Friday, February 17, 2012

Scary? Facts about the Debt

Saying these are facts about the debt is one thing, but to call them 'scary' is to put needless fear into Americans. My comments are in red.
As President Obama unveiled the 2013 fiscal year budget, the nation's financial situation came back into sharp focus. Experts say partisan gridlock in Washington means the budget will probably go nowhere.

Considering this is an election year, however, expect politicians to harp on facts, figures and terms that most Americans weren't taught in high school. To help out, it's time to dredge up lots of scary facts to make you pay attention.

Before we get going, a quick primer on the number TRILLION:

$1 trillion = $1,000 billion or $1,000,000,000,000 (that's 12 zeros) very true

How hard is it to spend a trillion dollars? If you spent one dollar every second, you would have spent a million dollars in 12 days. At that same rate, it would take you 32 years to spend a billion dollars. But it would take you more than 31,000 years to spend a trillion dollars.

And now, some scary (She still hasn't said why it is scary) facts about the debt and the deficit -- some basics:

Deficit = money government takes in -- money government spends very true

2012 US deficit = $1.33 trillion still see no problem here, it is not causing inflation and our economy is still not doing that well

2013 Proposed budget deficit = $901 billion this may actually not be enough to grow our economy, still too far away to tell for sure

National debt = Total amount borrowed over time to fund the annual deficit sort of true, the debt is meant to 'fund' the deficit, but isn't necessary to do so. Issuing debt is a way for the Fed to maintain interest rate targets, not a necessary means for raising funds. The government can spend without taxes or issuing debt.

Current national debt = $15.3 trillion (or $49,030 per every man, woman and child in the US or $135,773 per taxpayer) True, but thinking of it this way is misleading. We will never have to fork over $49,000 to pay it off. Most of it isn't due for years to come and doesn't ever have to paid off at anyone one moment. Plus, the national debt=national savings. That means there is $15.3 trillion dollars of US bonds in the hands of the private sector, of which they are earning interest on.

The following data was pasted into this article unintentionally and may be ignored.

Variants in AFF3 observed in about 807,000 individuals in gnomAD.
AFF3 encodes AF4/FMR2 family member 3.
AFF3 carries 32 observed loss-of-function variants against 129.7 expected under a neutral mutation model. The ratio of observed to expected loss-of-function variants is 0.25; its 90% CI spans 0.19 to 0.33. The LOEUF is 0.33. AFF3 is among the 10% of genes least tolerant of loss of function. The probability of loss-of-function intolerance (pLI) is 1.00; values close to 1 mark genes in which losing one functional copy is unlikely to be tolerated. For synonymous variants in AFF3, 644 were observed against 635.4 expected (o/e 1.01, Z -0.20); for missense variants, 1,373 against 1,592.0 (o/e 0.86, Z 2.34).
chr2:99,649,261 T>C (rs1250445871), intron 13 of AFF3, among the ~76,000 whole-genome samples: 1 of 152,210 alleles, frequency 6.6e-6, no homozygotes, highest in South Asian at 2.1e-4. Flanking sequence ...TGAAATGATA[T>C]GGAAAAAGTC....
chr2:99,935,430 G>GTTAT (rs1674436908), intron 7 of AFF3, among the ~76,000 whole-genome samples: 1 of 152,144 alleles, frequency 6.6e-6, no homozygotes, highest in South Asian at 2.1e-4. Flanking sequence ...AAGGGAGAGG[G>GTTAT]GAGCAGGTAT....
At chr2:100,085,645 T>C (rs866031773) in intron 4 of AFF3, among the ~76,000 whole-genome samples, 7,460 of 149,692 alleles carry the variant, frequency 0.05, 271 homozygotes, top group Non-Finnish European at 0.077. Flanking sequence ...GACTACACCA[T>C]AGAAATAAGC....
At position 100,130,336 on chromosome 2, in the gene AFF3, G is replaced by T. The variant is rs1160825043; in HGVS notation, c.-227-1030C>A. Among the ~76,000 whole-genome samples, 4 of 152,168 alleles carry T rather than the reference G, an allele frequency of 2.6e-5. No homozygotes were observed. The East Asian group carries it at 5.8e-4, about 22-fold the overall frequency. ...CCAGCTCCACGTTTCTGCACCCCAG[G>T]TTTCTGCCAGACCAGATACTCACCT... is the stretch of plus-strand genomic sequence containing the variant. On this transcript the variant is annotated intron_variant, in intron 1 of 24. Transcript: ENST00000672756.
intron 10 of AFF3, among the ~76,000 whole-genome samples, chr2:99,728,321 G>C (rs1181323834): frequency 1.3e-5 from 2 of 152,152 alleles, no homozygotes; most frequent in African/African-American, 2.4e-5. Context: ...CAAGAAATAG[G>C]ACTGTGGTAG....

OK, let's get started! Here is her official list of "scary" facts

Thursday, February 16, 2012

Are we leaving our debt to our children?

I think this article by Dean Baker at Truthout explains fairly well how our national debt isn't a transfer of stuff now for debt later. Our lack of using all our productive capability is a real cost to our future generations. The (federal) debt only becomes a burden to future generations if paying the interest on that debt leads to inflation, where too much money is flooding the markets to compete for real goods and resources. The US debt clock is, to the penny, the amount of savings in bonds that the private sector holds and is not something we have to pay off out of our own pockets or that has to be taxed from us to pay off because the government doesn't need tax dollars to spend. The threat is inflation, not insolvency. We should focus on full employment growth and stable prices, not the mythical 'burden' of our debt.

Here are some highlights:
It's budget time, again. This means that the deficit hawks will be out in force warning us about the devastating debt burden that we are passing on to our children. So that this Halloween fright gang doesn't needlessly cause any kids to lose sleep, here's what parents can tell their children.

First, it is important to tell your kids that the national debt is not in any way a measure of intergenerational transfers from the young to the old. Debt is also an asset to the people who own the bonds. At some point, everyone who is alive today will be dead, which means that the bonds they own will be passed on to their or someone else's children and grandchildren.

Our children and grandchildren might owe the debt, but they will also be receiving the interest paid on the debt. There can be an issue of distribution within future generations (e.g. Bill Gates' descendants own all the debt), but that is a question of inequality within generations, not between generations. So, when you hear the deficit hawks ranting about the $15 trillion debt that we are passing on to our kids, you can tell your children that we are passing on $15 trillion in government bonds to our children.

Wednesday, February 15, 2012

Safety Net full of Holes

Looks like our safety net has some holes in it and could use some repair:

From this article at the NY Times:
"...across the nation, the government now provides almost $1 in benefits for every $4 in other income. Older people get most of the benefits, primarily through Social Security and Medicare, but aid for the rest of the population has increased about as quickly through programs for the disabled, the unemployed, veterans and children.